We have often pointed out that Japan has virtually no firearm ownership, but also has a much higher suicide rate than the United States. In 2008, USA Today reported that "A suicide fad is sweeping Japan. Hundreds of Japanese have killed themselves this year by mixing ordinary household chemicals into a lethal cloud of poison gas that often injures others and forces the evacuation of entire apartment blocks. The 517 self-inflicted deaths by hydrogen sulfide poisoning this year are part of a bigger, grimmer story: Nearly 34,000 Japanese killed themselves last year, according to the Japanese national police. That's the second-highest toll ever in a country where the suicide rate is ninth highest in the world and more than double that of the USA, the World Health Organization says." In 2013, The Diplomat reported, "For the last fourteen years at least 30,000 Japanese have killed themselves annually." That's the same number as in America, which has 2.5 times Japan's population.

We have also often pointed out that defensive gun uses are far more likely to result in a criminal being frightened away, rather than being killed, and reminded gun control supporters that the purpose of defense is to prevent injury or death to a defender or other innocent person, rather than to kill a criminal.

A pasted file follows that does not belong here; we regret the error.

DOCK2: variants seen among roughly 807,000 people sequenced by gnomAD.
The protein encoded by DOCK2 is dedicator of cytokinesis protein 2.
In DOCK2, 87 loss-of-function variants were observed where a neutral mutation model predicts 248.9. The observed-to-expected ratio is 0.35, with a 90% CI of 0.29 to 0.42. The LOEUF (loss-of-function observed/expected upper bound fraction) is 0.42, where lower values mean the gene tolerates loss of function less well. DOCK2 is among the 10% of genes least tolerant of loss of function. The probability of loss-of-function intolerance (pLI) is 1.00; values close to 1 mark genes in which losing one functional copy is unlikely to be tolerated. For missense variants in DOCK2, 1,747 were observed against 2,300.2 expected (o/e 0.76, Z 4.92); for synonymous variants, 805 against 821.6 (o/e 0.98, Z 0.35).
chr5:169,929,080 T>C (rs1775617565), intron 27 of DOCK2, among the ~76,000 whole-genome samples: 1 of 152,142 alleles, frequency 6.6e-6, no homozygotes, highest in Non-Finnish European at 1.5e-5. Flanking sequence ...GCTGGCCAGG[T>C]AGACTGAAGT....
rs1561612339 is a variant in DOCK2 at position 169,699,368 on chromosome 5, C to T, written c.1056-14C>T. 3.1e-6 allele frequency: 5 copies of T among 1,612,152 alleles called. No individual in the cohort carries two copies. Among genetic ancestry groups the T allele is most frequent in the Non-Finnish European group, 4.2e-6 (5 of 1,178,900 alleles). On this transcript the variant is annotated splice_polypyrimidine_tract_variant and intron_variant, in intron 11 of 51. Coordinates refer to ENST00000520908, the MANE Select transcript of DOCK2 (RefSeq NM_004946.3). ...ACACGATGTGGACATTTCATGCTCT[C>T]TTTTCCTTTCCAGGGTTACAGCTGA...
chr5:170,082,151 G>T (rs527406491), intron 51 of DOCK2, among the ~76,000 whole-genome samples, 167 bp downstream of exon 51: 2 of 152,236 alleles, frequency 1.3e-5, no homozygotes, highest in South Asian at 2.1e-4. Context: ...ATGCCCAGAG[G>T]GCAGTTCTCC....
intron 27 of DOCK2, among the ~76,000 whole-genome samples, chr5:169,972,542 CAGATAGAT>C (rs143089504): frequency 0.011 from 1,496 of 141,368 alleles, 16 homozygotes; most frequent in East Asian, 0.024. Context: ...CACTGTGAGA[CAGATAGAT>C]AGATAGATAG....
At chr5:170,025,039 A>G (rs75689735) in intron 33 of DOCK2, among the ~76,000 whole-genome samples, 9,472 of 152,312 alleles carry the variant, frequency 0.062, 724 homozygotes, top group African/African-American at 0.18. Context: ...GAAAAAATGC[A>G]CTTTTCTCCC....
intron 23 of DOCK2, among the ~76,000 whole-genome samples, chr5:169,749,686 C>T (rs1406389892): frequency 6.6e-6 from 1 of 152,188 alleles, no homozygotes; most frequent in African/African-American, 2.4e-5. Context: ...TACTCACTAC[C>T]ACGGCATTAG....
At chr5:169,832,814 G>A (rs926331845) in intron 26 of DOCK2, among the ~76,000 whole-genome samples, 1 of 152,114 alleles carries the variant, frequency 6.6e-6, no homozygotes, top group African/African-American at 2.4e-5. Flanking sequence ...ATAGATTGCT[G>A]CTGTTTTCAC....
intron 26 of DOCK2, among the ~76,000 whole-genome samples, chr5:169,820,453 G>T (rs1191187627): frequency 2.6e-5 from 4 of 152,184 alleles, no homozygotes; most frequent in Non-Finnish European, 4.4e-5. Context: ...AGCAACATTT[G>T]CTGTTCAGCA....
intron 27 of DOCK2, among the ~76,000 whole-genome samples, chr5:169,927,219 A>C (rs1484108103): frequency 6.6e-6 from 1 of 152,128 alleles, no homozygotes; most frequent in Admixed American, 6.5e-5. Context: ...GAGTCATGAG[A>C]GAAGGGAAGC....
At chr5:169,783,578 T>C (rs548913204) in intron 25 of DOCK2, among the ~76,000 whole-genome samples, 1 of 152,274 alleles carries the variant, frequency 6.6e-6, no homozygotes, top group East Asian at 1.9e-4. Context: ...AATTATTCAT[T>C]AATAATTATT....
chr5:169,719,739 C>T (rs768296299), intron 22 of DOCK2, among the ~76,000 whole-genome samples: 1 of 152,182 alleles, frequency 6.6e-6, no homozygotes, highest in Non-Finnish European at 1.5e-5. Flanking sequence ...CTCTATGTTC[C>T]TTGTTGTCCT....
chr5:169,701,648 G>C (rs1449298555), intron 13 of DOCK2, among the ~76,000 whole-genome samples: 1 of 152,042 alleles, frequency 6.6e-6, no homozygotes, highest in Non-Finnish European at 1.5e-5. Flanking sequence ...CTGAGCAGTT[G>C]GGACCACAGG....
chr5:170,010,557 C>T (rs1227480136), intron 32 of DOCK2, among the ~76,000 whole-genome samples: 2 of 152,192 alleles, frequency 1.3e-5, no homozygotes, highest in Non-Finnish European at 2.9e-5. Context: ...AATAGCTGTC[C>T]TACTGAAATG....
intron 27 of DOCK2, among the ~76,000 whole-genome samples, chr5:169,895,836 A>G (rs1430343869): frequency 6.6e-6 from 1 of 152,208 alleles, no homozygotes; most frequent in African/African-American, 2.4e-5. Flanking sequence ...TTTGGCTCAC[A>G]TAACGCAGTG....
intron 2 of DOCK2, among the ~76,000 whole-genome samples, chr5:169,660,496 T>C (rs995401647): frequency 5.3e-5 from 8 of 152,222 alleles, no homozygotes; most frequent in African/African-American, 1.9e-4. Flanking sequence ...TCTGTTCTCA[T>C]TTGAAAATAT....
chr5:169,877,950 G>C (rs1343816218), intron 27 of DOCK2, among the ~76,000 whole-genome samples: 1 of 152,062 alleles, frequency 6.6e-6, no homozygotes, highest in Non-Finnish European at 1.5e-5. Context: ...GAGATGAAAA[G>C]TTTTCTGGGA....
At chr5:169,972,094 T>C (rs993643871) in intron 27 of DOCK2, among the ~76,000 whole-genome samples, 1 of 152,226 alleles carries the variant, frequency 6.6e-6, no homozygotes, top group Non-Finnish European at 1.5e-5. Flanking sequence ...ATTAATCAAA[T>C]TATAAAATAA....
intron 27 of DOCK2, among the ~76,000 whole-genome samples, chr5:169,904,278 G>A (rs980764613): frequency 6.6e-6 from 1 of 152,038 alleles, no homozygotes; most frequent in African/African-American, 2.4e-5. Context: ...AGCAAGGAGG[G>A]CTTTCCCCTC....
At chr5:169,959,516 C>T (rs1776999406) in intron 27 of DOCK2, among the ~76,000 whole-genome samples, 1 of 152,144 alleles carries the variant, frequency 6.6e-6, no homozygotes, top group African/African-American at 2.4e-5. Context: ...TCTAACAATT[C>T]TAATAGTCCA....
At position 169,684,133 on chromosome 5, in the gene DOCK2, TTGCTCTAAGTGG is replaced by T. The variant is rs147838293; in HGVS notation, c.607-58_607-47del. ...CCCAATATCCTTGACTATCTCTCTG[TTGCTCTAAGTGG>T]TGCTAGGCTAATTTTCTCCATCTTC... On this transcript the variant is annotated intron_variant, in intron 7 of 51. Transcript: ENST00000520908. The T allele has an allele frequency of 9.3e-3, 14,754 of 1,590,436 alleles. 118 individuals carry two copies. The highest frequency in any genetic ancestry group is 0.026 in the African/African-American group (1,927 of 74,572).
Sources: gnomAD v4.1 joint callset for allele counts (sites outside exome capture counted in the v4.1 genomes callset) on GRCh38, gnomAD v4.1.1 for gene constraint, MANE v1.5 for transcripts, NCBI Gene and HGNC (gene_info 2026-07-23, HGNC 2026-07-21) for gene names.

We have often pointed out the flaws in the misleading comparison that gun control supporters try to make between defensive gun uses and fatal gun misuses. In 1991, award-winning Florida State University criminologist Gary Kleck called the comparison "one of the oddest statistics in the gun control debate," "an exercise in ingenious speciousness," and "a breath-taking non-sequitur," and judged it "not a meaningful measure of risk for the average gun-owning household."